There are deer and geese everywhere in Bend, and they will torment you. The deer will eat whatever you are able to grow in your garden during Bend’s 80-day growing season, and the geese will accost you in the park and poop on your lawn. Portland has . . . Bigfoot. Their famous hidden resident whistles during the night, leaves behind footprints in the mud, and has no interest in mingling with the community—sounds positively delightful. And Bigfoot has never attacked anyone. (Well, except for those miners that one time in the early 1920s . . .) You win, Portland. You win.
Whether or not you believe pollution is real, there are unmistakable differences between the skies above Bend and those of Portland: you can see Bend’s. While Bend struggles with air quality in the summertime, when wildfires and controlled burns fill the air with smoke, Portland has some of the worst air quality in the nation year round. Also, due to strict light ordinances, Bend has rela- tively low levels of light pollution, which means that it enjoys some of the darkest skies in the country—perfect for stargazing. The night sky in Bend looks like someone sprinkled sea salt on an obsidian table; the night sky in Portland is more of an aromatic experience—you can’t see that it’s there, but you can smell it.
Portland is 80 percent more densely pop- ulated than Bend, which equates to more traffic, overall congestion, and naughty epithets spewed from car windows during the daily commute. Compared to Portland’s half-million residents, Bend’s population of nearly 100,000 people doesn’t seem so bad (mostly). These days, it may take 30 minutes to get across town versus the five minutes it took 10 years ago, but at least the traffic in Bend won’t destroy your soul. And while Bend’s beloved outdoor spaces can seem awfully crowded during the summertime, you only have to share the trails with a few hundred people during the colder months. Winning.
Portland has museums, a vibrant theater, art, and music scene, and an impressive literary background. (It rains all the time, what else are they going to do?) In comparison, Bend is about as cultural as a trout. However, for a smallish community, Bend has a surprising number of talented artists, musicians, writers, makers, and a variety of other creatives (see, for example, Bend’s Makers District, the Tower Theatre, or the High Desert Museum). Bend also has a lively music scene—substantially smaller than Portland’s, yes, but there are still likely to be venues and concerts to suit everyone’s taste. (But god forbid you strum a chord too loudly after 10 pm, because you will be ostracized and thrown out of town.) Bend may be relatively culturally bereft, but hey, we have craft beer.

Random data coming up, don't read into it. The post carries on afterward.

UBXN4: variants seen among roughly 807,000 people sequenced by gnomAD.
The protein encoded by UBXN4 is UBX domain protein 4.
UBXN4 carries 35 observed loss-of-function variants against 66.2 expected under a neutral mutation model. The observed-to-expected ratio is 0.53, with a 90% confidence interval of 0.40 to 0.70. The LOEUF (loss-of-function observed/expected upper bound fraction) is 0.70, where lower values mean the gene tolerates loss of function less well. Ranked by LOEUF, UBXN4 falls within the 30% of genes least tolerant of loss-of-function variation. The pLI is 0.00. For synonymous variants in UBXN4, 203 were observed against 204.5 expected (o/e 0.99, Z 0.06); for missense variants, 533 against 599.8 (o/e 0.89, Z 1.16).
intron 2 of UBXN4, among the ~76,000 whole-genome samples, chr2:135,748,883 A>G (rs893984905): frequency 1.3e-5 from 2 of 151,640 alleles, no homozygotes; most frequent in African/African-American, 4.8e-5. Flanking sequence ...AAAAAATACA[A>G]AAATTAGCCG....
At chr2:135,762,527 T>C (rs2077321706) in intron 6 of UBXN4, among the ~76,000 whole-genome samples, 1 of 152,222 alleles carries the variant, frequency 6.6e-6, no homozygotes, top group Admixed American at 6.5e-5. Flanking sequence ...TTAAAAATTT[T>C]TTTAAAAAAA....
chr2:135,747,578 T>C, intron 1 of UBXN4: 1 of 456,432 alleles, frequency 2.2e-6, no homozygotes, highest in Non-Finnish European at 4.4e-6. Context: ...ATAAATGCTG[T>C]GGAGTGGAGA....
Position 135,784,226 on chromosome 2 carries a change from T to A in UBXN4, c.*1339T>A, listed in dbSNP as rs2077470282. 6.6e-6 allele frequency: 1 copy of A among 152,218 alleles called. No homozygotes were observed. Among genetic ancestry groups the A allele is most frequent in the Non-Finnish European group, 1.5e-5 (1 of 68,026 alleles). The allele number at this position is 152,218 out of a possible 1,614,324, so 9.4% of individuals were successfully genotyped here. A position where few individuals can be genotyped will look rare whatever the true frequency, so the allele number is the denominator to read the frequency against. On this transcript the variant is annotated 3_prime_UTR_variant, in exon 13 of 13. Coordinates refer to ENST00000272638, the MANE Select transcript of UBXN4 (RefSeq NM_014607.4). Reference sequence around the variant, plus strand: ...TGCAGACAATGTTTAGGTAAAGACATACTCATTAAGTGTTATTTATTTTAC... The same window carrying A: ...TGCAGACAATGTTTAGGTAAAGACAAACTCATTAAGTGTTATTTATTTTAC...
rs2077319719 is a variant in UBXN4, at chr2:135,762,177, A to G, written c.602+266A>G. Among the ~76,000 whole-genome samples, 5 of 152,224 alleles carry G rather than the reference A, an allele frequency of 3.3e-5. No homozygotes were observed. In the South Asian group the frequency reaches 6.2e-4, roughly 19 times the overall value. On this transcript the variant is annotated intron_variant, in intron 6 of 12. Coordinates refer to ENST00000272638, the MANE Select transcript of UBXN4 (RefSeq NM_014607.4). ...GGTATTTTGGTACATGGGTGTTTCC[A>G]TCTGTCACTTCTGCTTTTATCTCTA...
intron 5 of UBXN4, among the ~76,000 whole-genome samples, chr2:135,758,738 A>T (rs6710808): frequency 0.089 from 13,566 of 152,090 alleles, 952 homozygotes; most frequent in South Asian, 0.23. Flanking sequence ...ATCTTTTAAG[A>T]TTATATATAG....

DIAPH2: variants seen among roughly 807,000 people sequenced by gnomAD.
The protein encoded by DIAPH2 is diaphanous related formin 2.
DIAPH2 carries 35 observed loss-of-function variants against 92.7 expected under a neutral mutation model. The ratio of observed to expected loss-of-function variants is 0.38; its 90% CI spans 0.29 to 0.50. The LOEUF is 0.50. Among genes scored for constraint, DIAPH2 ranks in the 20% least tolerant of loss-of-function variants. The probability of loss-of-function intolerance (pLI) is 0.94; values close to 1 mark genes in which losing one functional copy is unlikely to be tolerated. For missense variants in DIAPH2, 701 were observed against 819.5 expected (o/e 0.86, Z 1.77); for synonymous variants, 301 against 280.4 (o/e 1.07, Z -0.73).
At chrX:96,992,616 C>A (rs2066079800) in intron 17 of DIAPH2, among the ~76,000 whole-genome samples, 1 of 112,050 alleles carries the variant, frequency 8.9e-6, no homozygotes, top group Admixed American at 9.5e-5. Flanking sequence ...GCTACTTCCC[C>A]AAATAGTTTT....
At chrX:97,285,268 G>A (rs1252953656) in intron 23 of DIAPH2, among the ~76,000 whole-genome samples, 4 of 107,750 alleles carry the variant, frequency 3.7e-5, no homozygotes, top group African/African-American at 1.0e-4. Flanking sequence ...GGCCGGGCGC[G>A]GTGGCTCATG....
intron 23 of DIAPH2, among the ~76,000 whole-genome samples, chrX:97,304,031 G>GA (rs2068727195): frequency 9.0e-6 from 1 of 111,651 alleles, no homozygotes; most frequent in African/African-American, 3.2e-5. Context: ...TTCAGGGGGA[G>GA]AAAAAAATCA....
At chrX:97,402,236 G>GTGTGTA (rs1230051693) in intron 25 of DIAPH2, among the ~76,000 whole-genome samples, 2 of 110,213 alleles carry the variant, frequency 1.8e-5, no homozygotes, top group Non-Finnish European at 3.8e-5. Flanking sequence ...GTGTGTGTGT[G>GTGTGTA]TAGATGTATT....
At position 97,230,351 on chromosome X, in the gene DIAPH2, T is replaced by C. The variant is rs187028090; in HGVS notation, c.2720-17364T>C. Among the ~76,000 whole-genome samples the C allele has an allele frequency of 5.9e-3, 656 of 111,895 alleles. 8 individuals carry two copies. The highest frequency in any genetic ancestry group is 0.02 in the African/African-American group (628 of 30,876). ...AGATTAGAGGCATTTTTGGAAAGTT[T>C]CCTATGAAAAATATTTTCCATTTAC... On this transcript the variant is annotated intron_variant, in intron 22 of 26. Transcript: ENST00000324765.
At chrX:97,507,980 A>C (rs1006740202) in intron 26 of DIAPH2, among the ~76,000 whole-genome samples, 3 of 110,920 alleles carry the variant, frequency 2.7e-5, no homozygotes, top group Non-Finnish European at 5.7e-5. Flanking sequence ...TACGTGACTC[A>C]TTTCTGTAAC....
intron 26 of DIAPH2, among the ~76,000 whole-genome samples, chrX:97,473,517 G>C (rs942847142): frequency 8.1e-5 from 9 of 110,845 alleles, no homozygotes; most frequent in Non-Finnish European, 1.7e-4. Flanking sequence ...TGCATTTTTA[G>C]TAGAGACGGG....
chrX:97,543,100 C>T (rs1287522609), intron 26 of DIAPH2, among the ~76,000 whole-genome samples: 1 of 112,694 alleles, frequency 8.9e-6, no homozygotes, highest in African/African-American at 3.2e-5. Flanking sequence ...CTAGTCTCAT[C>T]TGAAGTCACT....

Although both Bend and Portland are in the process of gentrification, the effects are a bit more noticeable in Bend, perhaps because it’s a smaller community. Bend has transformed its economy from timber to tourism, which doesn’t produce a lot of high-wage jobs. Housing is scarce and overpriced, and the city’s unemployment is higher than the national average. If you’re independently wealthy or, well, wealthy, then Bend is an ideal place to live. And if you don’t have a job or a home, don’t worry—you can still enjoy a craft beer while savoring views of Mt. Bachelor from your cozy cardboard box. The good news: Portland’s economy isn’t much better. (Oh. Wait . . .) Portland is also experiencing a rental crisis, with a considerable number of people being priced out of the area. Still, Portland has a more diverse job market, making it a more viable place to live. Although if you want to live in either, bring your inheritance.
Oregon, overall, isn’t a very culturally diverse state, and Bend and Portland are no exception. Bend is over 90 percent white and Portland hovers around 80 percent. Politically speaking, Bend is more diverse than the Rose City, with an even split between Democrats and Republicans. (But who’s keeping score?) Another area where Bend flexes its diversity muscles is the culinary arts. It has a pretty legit, progressive dining scene that includes everything from Middle Eastern to Peruvian to Thai to Indian to British-style cuisine. Bend is a foodie’s paradise. Portland offers an eclectic dining experience as well, while also accommodating those with dietary restrictions—vegetarian, vegan, gluten-free, locally sourced, and organic eateries abound. Bend is branching out in this regard, but until we have vegan strip clubs like Portland, they probably win in culinary diversity. But Bend has ocean rolls (and craft beer), so take a hike, Portland.